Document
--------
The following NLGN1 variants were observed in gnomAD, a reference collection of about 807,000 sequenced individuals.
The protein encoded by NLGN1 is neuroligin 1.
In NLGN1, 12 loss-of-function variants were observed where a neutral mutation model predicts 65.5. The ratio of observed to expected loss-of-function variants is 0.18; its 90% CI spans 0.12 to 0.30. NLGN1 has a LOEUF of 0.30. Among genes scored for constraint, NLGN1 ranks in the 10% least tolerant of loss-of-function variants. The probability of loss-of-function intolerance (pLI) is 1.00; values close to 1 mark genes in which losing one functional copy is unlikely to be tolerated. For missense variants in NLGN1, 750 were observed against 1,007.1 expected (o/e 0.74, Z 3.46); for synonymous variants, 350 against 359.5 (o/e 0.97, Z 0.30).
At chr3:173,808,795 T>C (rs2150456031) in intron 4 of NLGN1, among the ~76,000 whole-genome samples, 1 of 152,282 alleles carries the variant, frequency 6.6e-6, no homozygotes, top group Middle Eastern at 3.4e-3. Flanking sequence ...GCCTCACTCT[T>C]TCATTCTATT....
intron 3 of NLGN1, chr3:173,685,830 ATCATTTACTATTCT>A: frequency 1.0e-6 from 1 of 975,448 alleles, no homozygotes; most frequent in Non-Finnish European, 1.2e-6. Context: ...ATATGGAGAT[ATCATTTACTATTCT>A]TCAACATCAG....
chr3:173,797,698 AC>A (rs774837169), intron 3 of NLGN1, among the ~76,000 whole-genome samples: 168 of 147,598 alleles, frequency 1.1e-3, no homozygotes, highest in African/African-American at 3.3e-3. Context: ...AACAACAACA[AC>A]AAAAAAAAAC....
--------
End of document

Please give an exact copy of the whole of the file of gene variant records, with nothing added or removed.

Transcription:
The following NLGN1 variants were observed in gnomAD, a reference collection of about 807,000 sequenced individuals.
The protein encoded by NLGN1 is neuroligin 1.
In NLGN1, 12 loss-of-function variants were observed where a neutral mutation model predicts 65.5. The ratio of observed to expected loss-of-function variants is 0.18; its 90% CI spans 0.12 to 0.30. NLGN1 has a LOEUF of 0.30. Among genes scored for constraint, NLGN1 ranks in the 10% least tolerant of loss-of-function variants. The probability of loss-of-function intolerance (pLI) is 1.00; values close to 1 mark genes in which losing one functional copy is unlikely to be tolerated. For missense variants in NLGN1, 750 were observed against 1,007.1 expected (o/e 0.74, Z 3.46); for synonymous variants, 350 against 359.5 (o/e 0.97, Z 0.30).
At chr3:173,808,795 T>C (rs2150456031) in intron 4 of NLGN1, among the ~76,000 whole-genome samples, 1 of 152,282 alleles carries the variant, frequency 6.6e-6, no homozygotes, top group Middle Eastern at 3.4e-3. Flanking sequence ...GCCTCACTCT[T>C]TCATTCTATT....
intron 3 of NLGN1, chr3:173,685,830 ATCATTTACTATTCT>A: frequency 1.0e-6 from 1 of 975,448 alleles, no homozygotes; most frequent in Non-Finnish European, 1.2e-6. Context: ...ATATGGAGAT[ATCATTTACTATTCT>A]TCAACATCAG....
chr3:173,797,698 AC>A (rs774837169), intron 3 of NLGN1, among the ~76,000 whole-genome samples: 168 of 147,598 alleles, frequency 1.1e-3, no homozygotes, highest in African/African-American at 3.3e-3. Context: ...AACAACAACA[AC>A]AAAAAAAAAC....